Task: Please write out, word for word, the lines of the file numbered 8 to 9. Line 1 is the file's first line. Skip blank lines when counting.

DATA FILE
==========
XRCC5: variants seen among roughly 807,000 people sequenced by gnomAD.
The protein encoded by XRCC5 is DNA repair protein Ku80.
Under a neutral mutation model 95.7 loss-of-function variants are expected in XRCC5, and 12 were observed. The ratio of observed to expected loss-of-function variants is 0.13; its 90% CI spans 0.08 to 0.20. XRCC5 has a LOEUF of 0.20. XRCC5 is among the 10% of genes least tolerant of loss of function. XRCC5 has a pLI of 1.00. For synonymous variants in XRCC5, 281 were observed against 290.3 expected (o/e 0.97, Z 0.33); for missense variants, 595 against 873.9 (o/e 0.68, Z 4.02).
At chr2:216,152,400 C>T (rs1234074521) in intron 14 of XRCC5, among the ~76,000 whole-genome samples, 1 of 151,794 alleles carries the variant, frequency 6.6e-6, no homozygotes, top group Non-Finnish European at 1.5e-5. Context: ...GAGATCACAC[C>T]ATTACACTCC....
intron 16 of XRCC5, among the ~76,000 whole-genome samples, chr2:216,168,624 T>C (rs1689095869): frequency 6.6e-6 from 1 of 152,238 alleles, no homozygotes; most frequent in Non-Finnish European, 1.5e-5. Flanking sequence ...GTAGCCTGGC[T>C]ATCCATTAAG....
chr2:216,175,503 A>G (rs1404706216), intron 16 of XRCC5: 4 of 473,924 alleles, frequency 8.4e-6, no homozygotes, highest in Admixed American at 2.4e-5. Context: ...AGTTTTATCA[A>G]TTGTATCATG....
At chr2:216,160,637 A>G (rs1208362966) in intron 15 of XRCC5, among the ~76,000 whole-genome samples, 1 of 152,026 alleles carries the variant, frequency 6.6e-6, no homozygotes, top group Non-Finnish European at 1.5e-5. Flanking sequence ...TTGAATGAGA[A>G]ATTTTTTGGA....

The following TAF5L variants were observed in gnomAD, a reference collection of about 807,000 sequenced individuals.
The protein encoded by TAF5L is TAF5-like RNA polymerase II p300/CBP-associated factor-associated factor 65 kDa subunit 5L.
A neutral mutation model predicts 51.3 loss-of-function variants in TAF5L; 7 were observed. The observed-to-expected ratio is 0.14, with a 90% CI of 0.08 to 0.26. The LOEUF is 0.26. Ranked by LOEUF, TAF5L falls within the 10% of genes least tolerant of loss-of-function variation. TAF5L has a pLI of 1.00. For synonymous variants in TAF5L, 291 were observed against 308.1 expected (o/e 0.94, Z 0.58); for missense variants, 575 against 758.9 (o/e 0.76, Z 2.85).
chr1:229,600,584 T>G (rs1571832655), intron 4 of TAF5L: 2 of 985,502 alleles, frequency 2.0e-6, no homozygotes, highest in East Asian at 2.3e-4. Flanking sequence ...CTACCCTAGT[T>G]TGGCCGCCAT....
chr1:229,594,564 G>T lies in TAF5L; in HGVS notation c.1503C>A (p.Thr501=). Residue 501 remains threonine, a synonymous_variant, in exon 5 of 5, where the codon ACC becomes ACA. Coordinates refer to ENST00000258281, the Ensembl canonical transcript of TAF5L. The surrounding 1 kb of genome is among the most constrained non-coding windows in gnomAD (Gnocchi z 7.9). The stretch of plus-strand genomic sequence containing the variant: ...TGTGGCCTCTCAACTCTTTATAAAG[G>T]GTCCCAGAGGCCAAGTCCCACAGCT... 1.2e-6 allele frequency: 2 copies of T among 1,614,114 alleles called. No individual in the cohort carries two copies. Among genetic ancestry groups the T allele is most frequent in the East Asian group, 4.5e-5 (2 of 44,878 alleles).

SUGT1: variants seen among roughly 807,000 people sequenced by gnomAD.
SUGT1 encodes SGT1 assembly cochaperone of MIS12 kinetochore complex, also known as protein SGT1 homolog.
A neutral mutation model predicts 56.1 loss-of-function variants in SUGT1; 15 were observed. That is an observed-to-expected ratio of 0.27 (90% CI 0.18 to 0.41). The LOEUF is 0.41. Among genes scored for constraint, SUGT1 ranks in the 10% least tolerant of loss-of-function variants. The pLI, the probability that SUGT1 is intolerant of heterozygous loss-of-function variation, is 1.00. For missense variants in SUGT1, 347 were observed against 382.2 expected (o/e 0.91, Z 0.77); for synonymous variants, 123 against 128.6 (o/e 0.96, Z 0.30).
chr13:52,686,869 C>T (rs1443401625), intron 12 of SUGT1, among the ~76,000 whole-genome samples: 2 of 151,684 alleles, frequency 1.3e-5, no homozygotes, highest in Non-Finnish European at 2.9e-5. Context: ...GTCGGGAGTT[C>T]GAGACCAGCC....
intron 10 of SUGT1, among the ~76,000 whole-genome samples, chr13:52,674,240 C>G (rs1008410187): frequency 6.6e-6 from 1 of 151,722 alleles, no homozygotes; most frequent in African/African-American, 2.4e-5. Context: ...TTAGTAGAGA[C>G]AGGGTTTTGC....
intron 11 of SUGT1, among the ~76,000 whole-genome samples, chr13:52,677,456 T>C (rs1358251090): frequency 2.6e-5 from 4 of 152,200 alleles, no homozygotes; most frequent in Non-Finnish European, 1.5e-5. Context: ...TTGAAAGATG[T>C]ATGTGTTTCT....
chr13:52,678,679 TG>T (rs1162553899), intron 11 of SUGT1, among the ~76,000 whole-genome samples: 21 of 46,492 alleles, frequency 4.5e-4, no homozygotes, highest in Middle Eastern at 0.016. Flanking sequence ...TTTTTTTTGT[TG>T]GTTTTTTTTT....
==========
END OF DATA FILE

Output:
The following TAF5L variants were observed in gnomAD, a reference collection of about 807,000 sequenced individuals.
The protein encoded by TAF5L is TAF5-like RNA polymerase II p300/CBP-associated factor-associated factor 65 kDa subunit 5L.